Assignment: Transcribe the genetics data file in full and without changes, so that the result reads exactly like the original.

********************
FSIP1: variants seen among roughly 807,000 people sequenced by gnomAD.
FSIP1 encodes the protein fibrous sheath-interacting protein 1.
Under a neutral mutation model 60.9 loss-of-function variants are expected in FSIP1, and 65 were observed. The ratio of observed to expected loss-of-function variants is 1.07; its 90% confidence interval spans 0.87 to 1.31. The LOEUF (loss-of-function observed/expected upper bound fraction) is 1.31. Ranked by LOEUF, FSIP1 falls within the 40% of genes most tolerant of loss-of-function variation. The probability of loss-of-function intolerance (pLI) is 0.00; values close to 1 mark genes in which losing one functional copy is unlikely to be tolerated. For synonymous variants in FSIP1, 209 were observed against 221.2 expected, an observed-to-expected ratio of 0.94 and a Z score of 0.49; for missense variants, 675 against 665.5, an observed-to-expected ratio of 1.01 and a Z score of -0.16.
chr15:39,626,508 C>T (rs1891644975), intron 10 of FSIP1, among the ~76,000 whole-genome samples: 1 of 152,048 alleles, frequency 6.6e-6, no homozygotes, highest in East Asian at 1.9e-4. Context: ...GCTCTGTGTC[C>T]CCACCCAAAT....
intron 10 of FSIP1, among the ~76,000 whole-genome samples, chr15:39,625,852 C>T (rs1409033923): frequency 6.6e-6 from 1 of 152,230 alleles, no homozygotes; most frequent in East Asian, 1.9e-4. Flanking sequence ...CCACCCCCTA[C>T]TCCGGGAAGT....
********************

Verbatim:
FSIP1: variants seen among roughly 807,000 people sequenced by gnomAD.
FSIP1 encodes the protein fibrous sheath-interacting protein 1.
Under a neutral mutation model 60.9 loss-of-function variants are expected in FSIP1, and 65 were observed. The ratio of observed to expected loss-of-function variants is 1.07; its 90% confidence interval spans 0.87 to 1.31. The LOEUF (loss-of-function observed/expected upper bound fraction) is 1.31. Ranked by LOEUF, FSIP1 falls within the 40% of genes most tolerant of loss-of-function variation. The probability of loss-of-function intolerance (pLI) is 0.00; values close to 1 mark genes in which losing one functional copy is unlikely to be tolerated. For synonymous variants in FSIP1, 209 were observed against 221.2 expected, an observed-to-expected ratio of 0.94 and a Z score of 0.49; for missense variants, 675 against 665.5, an observed-to-expected ratio of 1.01 and a Z score of -0.16.
chr15:39,626,508 C>T (rs1891644975), intron 10 of FSIP1, among the ~76,000 whole-genome samples: 1 of 152,048 alleles, frequency 6.6e-6, no homozygotes, highest in East Asian at 1.9e-4. Context: ...GCTCTGTGTC[C>T]CCACCCAAAT....
intron 10 of FSIP1, among the ~76,000 whole-genome samples, chr15:39,625,852 C>T (rs1409033923): frequency 6.6e-6 from 1 of 152,230 alleles, no homozygotes; most frequent in East Asian, 1.9e-4. Flanking sequence ...CCACCCCCTA[C>T]TCCGGGAAGT....